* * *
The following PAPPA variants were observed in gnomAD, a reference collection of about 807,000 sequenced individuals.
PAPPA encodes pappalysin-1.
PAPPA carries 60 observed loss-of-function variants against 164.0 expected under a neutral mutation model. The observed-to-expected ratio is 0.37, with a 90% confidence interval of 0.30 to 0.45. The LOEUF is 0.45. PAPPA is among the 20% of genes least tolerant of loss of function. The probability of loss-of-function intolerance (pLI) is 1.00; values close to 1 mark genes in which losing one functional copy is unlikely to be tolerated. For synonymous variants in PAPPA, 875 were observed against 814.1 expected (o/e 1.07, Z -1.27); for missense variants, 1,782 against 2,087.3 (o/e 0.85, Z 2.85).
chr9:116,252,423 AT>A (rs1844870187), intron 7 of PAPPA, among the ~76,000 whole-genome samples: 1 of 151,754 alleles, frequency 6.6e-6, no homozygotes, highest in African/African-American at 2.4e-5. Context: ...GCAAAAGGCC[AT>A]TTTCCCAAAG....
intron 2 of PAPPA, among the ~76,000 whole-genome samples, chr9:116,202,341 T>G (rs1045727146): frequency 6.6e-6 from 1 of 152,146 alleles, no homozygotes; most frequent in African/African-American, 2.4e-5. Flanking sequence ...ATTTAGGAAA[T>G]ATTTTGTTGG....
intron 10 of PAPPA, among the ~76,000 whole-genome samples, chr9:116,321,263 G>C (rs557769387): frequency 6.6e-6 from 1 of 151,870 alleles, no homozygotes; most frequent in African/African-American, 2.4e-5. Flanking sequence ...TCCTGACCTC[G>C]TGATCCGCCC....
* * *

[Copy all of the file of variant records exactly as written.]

The following PAPPA variants were observed in gnomAD, a reference collection of about 807,000 sequenced individuals.
PAPPA encodes pappalysin-1.
PAPPA carries 60 observed loss-of-function variants against 164.0 expected under a neutral mutation model. The observed-to-expected ratio is 0.37, with a 90% confidence interval of 0.30 to 0.45. The LOEUF is 0.45. PAPPA is among the 20% of genes least tolerant of loss of function. The probability of loss-of-function intolerance (pLI) is 1.00; values close to 1 mark genes in which losing one functional copy is unlikely to be tolerated. For synonymous variants in PAPPA, 875 were observed against 814.1 expected (o/e 1.07, Z -1.27); for missense variants, 1,782 against 2,087.3 (o/e 0.85, Z 2.85).
chr9:116,252,423 AT>A (rs1844870187), intron 7 of PAPPA, among the ~76,000 whole-genome samples: 1 of 151,754 alleles, frequency 6.6e-6, no homozygotes, highest in African/African-American at 2.4e-5. Context: ...GCAAAAGGCC[AT>A]TTTCCCAAAG....
intron 2 of PAPPA, among the ~76,000 whole-genome samples, chr9:116,202,341 T>G (rs1045727146): frequency 6.6e-6 from 1 of 152,146 alleles, no homozygotes; most frequent in African/African-American, 2.4e-5. Flanking sequence ...ATTTAGGAAA[T>G]ATTTTGTTGG....
intron 10 of PAPPA, among the ~76,000 whole-genome samples, chr9:116,321,263 G>C (rs557769387): frequency 6.6e-6 from 1 of 151,870 alleles, no homozygotes; most frequent in African/African-American, 2.4e-5. Flanking sequence ...TCCTGACCTC[G>C]TGATCCGCCC....